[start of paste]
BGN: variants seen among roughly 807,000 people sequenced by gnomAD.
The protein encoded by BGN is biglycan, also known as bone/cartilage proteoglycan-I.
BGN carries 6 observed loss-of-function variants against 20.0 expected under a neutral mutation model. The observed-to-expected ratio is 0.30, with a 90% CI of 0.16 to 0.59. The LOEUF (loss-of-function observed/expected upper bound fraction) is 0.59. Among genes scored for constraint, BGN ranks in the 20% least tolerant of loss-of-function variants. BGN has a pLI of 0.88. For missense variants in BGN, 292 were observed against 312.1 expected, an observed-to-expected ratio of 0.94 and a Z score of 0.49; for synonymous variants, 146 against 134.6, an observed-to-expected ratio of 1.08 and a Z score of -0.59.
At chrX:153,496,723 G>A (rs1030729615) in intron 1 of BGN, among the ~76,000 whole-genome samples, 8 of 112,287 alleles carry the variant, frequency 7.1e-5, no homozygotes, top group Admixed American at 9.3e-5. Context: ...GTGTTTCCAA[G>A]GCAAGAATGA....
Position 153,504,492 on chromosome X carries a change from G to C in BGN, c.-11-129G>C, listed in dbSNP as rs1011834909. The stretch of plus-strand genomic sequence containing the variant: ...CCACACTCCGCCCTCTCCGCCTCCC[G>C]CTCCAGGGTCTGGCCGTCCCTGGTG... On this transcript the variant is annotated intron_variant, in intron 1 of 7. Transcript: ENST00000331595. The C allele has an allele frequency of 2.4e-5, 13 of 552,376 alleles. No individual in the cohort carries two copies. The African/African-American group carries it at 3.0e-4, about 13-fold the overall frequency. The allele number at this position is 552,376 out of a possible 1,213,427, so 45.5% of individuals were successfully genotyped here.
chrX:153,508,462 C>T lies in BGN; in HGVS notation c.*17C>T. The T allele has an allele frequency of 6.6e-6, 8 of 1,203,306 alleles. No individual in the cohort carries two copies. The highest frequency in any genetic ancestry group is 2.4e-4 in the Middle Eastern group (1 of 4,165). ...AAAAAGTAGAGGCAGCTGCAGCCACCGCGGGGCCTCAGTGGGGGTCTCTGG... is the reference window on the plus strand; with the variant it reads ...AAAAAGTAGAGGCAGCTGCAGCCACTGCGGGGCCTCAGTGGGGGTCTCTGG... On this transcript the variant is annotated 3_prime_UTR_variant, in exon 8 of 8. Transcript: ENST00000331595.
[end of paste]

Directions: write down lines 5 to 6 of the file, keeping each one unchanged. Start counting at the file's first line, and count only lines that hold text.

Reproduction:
Position 153,504,492 on chromosome X carries a change from G to C in BGN, c.-11-129G>C, listed in dbSNP as rs1011834909. The stretch of plus-strand genomic sequence containing the variant: ...CCACACTCCGCCCTCTCCGCCTCCC[G>C]CTCCAGGGTCTGGCCGTCCCTGGTG... On this transcript the variant is annotated intron_variant, in intron 1 of 7. Transcript: ENST00000331595. The C allele has an allele frequency of 2.4e-5, 13 of 552,376 alleles. No individual in the cohort carries two copies. The African/African-American group carries it at 3.0e-4, about 13-fold the overall frequency. The allele number at this position is 552,376 out of a possible 1,213,427, so 45.5% of individuals were successfully genotyped here.
chrX:153,508,462 C>T lies in BGN; in HGVS notation c.*17C>T. The T allele has an allele frequency of 6.6e-6, 8 of 1,203,306 alleles. No individual in the cohort carries two copies. The highest frequency in any genetic ancestry group is 2.4e-4 in the Middle Eastern group (1 of 4,165). ...AAAAAGTAGAGGCAGCTGCAGCCACCGCGGGGCCTCAGTGGGGGTCTCTGG... is the reference window on the plus strand; with the variant it reads ...AAAAAGTAGAGGCAGCTGCAGCCACTGCGGGGCCTCAGTGGGGGTCTCTGG... On this transcript the variant is annotated 3_prime_UTR_variant, in exon 8 of 8. Transcript: ENST00000331595.